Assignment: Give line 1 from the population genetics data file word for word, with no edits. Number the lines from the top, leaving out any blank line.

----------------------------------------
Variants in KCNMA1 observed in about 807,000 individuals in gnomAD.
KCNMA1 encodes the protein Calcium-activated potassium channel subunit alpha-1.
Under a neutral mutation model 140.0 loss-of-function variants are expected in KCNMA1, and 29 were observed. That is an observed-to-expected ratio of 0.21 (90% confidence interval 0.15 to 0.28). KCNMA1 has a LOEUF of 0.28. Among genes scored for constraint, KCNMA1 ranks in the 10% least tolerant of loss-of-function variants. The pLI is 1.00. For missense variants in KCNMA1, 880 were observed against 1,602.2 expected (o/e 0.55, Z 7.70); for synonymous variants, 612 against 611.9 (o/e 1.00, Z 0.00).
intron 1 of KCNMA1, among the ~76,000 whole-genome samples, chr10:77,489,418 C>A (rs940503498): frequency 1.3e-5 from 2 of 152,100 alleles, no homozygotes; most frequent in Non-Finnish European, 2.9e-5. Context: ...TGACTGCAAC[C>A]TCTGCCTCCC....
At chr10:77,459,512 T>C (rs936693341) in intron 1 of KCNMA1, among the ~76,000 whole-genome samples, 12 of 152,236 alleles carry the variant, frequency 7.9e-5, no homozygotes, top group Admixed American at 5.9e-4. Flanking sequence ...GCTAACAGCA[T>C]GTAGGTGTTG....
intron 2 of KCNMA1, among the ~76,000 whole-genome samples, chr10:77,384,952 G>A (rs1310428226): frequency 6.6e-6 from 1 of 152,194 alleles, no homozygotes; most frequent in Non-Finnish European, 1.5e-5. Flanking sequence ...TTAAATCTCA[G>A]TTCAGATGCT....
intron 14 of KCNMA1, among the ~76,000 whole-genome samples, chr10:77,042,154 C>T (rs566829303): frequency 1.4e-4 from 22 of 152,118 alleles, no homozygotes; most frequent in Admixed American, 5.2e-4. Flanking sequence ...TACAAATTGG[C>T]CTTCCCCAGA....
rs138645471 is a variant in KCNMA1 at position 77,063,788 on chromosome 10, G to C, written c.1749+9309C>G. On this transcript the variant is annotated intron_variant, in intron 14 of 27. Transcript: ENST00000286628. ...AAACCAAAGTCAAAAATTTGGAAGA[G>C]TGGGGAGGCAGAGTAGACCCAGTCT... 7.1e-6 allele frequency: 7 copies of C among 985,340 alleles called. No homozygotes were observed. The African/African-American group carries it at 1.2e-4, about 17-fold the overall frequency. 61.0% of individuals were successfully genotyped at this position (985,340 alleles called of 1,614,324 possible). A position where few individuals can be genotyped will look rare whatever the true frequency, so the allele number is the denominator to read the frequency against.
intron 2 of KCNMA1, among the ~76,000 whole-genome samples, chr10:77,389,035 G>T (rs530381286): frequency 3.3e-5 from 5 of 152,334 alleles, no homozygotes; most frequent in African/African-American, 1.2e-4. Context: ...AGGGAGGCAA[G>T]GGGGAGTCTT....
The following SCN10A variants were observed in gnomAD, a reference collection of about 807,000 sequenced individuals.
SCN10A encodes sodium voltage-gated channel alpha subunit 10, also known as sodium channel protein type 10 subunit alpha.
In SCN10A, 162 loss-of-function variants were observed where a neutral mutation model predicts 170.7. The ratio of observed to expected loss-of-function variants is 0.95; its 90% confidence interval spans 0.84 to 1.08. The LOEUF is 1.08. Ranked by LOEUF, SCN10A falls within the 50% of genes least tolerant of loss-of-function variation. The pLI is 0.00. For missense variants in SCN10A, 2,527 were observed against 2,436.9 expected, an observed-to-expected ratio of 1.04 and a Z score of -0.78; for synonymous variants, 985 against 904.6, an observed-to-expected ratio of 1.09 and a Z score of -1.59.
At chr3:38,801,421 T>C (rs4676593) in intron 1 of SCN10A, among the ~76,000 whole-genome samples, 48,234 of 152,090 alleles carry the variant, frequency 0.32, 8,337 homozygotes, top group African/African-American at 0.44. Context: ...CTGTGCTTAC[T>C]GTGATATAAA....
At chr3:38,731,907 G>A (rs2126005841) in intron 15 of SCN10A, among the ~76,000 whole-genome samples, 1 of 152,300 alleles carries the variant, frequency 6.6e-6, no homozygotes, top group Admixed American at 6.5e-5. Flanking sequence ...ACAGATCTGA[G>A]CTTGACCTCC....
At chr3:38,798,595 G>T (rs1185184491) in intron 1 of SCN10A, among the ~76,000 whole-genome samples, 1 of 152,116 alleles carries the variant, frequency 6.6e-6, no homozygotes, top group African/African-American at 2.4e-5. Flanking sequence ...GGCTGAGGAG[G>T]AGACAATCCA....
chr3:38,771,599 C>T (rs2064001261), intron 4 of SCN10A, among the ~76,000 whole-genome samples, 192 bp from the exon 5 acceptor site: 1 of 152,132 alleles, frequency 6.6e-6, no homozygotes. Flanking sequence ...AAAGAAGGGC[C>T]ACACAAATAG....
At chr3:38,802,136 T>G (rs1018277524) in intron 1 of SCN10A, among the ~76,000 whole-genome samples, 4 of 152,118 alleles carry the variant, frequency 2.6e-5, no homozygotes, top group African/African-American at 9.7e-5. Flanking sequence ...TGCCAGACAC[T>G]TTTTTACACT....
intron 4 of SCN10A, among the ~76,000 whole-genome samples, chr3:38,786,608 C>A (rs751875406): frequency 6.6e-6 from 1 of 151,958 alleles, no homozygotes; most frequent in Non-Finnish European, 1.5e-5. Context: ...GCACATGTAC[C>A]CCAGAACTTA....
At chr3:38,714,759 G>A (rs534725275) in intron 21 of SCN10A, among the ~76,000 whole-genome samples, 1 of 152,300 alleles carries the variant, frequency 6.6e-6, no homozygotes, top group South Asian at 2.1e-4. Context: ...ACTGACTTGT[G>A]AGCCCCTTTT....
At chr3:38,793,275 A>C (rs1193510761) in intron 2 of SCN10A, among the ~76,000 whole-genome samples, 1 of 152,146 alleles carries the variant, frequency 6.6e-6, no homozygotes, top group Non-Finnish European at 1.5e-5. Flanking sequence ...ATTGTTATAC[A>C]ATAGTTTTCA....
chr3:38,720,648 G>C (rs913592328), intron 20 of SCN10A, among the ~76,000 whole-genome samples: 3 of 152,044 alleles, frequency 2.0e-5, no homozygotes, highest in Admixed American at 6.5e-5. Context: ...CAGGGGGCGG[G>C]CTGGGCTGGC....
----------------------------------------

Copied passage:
Variants in KCNMA1 observed in about 807,000 individuals in gnomAD.